by Allan Appel | Apr 20, 2015 11:01 am
Most people are not eager to have images of folks with elephantiasis or who are conjoined twins hanging on the walls of their home or in their album of valued views.
Not too surprising, then, that many of those images have not survived the ravages of time.
by Chris Arnott | Apr 17, 2015 3:31 pm
May Day, museums, Harvey Milk, Fahd Mustafa, the Paul Mellon Lectures, the Mafia, A Million Years of Music, Richard Thompson’s A Thousand Years of Popular Music. This week in New Haven is brought to you by the letter “M.”
by Allan Appel | Apr 17, 2015 12:30 pm
Pasta primavera. Turkey sausage. Oven-roasted potatoes. Crème brûlée. Prosecco .
Menu items for a sumptuous, hearty meal? Certainly. At Kehler Liddell Gallery on Whalley Avenue, they also happen to be courses in a visual feast that Artist and long-time Westvillian Frank Bruckmann is serving up in his newest show, aptly titled Breaking Bread. The exhibition — 18 of his very painterly oils — is paired with a set of Marjorie Gillette Wolfe ‘s panoramic photographs, titled The Whole Wide World. The double-bill runs through April 26.
by Allan Appel | Apr 16, 2015 12:53 pm | Comments (8)
Chris Randall’s love affair with New Haven has gone downtown.
by Allan Appel | Apr 8, 2015 12:00 pm
Constance LaPalombara has painted hundreds of cityscapes of New Haven, and not a single human being is any of them. Sometimes New Haven is not even recognizable in them.
by Lucy Gellman | Apr 7, 2015 2:29 pm | Comments (1)
A design for a Cinderella-caliber fantasy dress has lain dormant in Neville Wisdom’s sketchbooks and on his mock-up boards for three years now. It starts simply: a silken, almost sweetheart neckline in a deep blue, the color of something you’d want to dive into at the first hint of summer.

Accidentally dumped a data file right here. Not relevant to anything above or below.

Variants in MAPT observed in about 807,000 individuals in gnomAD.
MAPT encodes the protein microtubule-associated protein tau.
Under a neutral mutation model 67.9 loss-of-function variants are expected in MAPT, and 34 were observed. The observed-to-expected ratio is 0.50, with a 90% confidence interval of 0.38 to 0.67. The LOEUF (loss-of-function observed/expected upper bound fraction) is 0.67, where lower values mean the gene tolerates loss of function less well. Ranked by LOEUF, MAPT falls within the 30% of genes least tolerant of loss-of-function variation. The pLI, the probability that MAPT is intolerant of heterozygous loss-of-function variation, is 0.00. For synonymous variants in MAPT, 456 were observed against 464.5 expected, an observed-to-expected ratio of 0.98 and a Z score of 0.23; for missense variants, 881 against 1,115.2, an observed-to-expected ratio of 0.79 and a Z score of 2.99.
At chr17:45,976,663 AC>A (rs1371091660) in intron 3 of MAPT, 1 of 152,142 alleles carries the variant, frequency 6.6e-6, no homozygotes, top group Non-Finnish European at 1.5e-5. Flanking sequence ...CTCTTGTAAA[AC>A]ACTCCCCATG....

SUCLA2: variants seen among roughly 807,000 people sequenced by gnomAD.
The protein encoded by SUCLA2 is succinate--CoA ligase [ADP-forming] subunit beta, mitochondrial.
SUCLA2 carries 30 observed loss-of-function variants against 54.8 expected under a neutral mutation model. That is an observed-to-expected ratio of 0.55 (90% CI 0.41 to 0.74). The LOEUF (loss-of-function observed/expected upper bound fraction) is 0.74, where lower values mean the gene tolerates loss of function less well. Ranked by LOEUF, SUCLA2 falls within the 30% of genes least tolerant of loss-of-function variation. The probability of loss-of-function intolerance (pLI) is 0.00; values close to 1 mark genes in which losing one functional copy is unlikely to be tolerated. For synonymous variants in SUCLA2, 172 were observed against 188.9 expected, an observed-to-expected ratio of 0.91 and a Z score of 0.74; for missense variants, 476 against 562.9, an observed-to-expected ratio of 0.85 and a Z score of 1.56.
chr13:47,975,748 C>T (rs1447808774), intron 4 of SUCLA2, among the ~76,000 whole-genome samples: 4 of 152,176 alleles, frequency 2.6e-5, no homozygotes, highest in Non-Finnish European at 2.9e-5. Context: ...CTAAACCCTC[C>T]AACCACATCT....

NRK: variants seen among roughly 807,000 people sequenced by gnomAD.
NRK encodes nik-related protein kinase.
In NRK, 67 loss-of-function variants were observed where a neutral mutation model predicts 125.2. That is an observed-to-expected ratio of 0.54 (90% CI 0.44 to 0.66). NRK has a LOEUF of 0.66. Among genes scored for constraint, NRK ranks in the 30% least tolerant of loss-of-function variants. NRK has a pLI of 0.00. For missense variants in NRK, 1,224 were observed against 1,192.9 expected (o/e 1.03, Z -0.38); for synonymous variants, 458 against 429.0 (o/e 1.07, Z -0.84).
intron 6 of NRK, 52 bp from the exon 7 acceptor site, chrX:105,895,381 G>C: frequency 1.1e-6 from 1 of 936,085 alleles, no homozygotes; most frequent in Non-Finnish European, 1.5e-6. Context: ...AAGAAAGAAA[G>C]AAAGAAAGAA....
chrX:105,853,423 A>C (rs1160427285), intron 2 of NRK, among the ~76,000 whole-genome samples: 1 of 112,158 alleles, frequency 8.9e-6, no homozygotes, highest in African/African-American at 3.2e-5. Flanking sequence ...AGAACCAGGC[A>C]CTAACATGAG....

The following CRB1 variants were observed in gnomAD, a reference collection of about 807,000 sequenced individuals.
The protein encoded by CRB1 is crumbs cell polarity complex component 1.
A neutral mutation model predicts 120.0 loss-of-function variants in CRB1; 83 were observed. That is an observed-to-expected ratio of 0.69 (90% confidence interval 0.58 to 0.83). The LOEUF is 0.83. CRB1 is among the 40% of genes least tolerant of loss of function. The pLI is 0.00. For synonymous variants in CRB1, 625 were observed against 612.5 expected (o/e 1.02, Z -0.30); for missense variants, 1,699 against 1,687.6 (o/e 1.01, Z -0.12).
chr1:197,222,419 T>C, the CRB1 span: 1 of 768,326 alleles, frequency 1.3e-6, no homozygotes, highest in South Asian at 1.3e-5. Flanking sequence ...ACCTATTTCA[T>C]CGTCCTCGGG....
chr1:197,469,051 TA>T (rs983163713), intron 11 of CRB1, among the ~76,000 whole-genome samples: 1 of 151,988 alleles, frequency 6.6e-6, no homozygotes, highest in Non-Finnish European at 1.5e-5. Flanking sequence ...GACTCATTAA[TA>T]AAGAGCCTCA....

Then the magic begins: a tightly wrapped, ruched bust in the mildest tan, a seductive sliver of midsection, and a hip-hugging skirt, punctuated by large, light pockets and clean blocks of blue and tan.
Every season, Wisdom stopped to gaze at it and then, with a sigh, flipped the page.
But 2015 had a different scent in the air. Wisdom had just finalized plans to open his new store in Westville. More of his fashions were popping up on women around town. And something was going to change when he went to the fashion storyboards.
by Allan Appel | Apr 3, 2015 4:11 pm
A door opened, and scores of people streamed out of a classroom into a two-person-wide corridor lined with colorful oil and acrylic paintings, watercolors, collages, and prints.
On their way elsewhere, unless they closed their eyes while walking, their field of vision had to pick up some of the art, even if they didn’t stop, even if the images popped into only a corner of their eye.
A music student on his way to a class had seen these images five or six times, in transit. Yet this time he stopped, and really looked.
by Alexis Zanghi | Mar 27, 2015 12:00 pm | Comments (5)
When I first came to Daggett Street Square in 2007, I was taken by its rambling hallways, its pulley-operated elevator. The building may not have been insulated, but it was insular. By that time, few live-work spaces remained in New Haven. There had been others — on River Street; in the Munniemaker cigar factory on State Street; at Chapel and Church, above what is now Gotham Citi—all now shut down.
Now we can add Daggett Street Square to the list: Last week officials ordered it cleared out.
by Allan Appel | Mar 20, 2015 12:30 pm | Comments (1)
At the the New Haven Free Public Library’s temporary art exhibition space on the first floor, Cecilia Whittaker-Doe‘s first solo show anywhere landed with authority: big canvases, jubilant color, and the appreciation of one outspoken member of the public, who declared the 24 oil and mixed-media canvases and panels “very primordial, Leviathan-ish, with a dash of humanism.”
by Allan Appel | Mar 20, 2015 12:27 pm
One photographer names two of his abstract compositions “Pattern Study #23061” and “Pattern Study 1008.” Another gives specifics: “Catwalks, Baldwin Bridge, Old Saybrook” and “Abstracted Reflections on Water.”
Which is better for the viewer?